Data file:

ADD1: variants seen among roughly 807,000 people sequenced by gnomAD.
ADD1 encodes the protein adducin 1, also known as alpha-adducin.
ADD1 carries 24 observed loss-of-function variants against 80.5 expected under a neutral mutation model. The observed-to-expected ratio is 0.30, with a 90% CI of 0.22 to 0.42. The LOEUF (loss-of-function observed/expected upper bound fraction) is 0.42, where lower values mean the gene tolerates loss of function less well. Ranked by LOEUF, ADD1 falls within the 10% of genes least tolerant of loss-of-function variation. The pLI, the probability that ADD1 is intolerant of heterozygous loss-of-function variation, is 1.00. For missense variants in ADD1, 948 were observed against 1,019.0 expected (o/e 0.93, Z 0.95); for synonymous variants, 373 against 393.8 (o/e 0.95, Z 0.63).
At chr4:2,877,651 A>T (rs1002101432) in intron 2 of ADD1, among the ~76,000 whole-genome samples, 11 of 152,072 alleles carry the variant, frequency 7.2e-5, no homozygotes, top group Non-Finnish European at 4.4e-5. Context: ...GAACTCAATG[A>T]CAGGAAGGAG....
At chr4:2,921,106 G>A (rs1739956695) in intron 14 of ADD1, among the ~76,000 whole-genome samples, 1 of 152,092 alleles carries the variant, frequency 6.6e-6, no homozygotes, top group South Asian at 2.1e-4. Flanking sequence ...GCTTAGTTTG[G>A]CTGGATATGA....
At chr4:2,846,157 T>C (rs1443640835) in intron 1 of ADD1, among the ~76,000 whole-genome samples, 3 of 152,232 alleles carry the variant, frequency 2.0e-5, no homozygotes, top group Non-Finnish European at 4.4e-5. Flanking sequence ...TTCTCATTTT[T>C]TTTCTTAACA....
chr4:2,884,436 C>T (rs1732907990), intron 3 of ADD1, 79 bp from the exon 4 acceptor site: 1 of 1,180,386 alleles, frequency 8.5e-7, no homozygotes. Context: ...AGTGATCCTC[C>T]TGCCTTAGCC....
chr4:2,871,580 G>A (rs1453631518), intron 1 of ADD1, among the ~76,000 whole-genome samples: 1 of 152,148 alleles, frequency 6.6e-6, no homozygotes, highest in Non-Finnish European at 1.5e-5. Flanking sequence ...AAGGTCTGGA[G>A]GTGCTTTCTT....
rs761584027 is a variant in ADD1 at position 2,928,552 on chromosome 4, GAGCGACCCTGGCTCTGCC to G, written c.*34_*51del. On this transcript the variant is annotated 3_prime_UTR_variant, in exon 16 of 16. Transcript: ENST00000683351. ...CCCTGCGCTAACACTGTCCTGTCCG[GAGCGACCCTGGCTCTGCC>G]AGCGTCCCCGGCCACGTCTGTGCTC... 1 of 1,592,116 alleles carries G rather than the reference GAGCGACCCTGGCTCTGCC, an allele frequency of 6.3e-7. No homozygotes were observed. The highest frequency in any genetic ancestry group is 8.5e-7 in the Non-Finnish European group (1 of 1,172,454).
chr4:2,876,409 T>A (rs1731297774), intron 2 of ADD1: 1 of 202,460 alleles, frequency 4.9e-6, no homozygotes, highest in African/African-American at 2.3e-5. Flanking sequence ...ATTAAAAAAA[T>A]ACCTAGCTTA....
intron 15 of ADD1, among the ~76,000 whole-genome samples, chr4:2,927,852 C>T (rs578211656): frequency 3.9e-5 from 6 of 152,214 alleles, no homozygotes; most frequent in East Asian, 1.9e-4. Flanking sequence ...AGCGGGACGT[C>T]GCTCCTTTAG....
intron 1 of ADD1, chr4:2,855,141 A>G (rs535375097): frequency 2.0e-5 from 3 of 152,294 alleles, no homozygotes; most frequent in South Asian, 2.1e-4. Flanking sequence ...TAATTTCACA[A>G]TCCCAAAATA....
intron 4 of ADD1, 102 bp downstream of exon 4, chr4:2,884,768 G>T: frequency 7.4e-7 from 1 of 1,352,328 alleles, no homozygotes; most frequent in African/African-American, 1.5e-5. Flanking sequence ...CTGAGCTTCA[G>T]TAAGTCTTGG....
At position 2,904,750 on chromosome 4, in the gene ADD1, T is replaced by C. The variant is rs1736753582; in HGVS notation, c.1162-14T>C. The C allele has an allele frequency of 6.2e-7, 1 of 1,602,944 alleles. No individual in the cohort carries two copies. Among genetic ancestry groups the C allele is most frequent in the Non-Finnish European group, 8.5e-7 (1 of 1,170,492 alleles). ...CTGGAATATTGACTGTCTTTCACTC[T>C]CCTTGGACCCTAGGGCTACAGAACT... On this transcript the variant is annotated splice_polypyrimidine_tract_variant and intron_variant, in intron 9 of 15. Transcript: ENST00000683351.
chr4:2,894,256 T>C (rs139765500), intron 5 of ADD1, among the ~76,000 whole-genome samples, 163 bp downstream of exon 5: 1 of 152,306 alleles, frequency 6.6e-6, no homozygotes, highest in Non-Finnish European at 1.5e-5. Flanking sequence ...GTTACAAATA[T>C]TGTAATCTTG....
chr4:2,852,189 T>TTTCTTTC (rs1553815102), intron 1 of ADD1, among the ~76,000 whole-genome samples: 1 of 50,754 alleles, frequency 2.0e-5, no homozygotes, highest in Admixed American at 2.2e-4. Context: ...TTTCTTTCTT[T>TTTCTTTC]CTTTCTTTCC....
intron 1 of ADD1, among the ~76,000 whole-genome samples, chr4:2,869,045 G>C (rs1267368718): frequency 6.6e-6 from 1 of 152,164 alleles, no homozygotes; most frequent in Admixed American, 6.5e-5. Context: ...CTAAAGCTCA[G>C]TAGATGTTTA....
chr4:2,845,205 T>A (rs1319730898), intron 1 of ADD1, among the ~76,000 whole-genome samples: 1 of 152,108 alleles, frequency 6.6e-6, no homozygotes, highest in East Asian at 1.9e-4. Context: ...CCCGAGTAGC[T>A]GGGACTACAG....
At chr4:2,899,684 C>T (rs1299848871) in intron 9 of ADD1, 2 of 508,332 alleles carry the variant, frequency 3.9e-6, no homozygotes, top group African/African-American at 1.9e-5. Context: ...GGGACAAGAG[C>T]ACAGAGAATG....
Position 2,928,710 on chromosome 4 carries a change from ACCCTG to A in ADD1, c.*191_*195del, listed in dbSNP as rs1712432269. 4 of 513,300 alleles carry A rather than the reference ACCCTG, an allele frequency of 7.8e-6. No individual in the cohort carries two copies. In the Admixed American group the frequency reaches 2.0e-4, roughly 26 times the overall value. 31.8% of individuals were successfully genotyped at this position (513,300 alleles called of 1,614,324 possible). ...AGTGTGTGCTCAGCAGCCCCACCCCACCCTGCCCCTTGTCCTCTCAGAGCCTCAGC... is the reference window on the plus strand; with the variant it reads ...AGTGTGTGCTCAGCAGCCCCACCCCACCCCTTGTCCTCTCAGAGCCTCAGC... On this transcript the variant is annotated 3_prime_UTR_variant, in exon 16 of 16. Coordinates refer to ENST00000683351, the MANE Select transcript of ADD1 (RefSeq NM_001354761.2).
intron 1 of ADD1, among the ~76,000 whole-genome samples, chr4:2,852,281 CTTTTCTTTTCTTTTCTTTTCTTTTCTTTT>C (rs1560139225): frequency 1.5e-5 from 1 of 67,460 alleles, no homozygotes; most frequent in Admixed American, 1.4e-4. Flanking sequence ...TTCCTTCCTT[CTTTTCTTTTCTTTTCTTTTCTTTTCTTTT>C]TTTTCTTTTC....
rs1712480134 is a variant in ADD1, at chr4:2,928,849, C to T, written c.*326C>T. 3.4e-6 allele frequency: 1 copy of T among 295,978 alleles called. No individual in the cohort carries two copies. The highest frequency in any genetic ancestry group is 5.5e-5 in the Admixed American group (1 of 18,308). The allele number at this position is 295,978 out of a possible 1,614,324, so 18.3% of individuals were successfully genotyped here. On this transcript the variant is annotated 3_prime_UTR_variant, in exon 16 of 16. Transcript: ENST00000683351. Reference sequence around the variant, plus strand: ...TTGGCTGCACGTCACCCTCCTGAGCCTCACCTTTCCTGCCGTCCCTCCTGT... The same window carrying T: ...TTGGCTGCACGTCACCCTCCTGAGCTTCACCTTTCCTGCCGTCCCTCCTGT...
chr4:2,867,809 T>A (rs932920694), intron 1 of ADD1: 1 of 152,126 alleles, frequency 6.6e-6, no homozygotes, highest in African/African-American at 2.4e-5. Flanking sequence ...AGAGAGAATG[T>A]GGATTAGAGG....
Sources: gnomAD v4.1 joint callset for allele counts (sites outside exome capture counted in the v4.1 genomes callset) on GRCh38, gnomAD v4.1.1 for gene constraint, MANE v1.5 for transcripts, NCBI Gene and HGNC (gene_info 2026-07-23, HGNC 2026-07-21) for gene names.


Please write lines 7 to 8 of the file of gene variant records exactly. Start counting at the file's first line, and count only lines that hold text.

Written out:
chr4:2,884,436 C>T (rs1732907990), intron 3 of ADD1, 79 bp from the exon 4 acceptor site: 1 of 1,180,386 alleles, frequency 8.5e-7, no homozygotes. Context: ...AGTGATCCTC[C>T]TGCCTTAGCC....
chr4:2,871,580 G>A (rs1453631518), intron 1 of ADD1, among the ~76,000 whole-genome samples: 1 of 152,148 alleles, frequency 6.6e-6, no homozygotes, highest in Non-Finnish European at 1.5e-5. Flanking sequence ...AAGGTCTGGA[G>A]GTGCTTTCTT....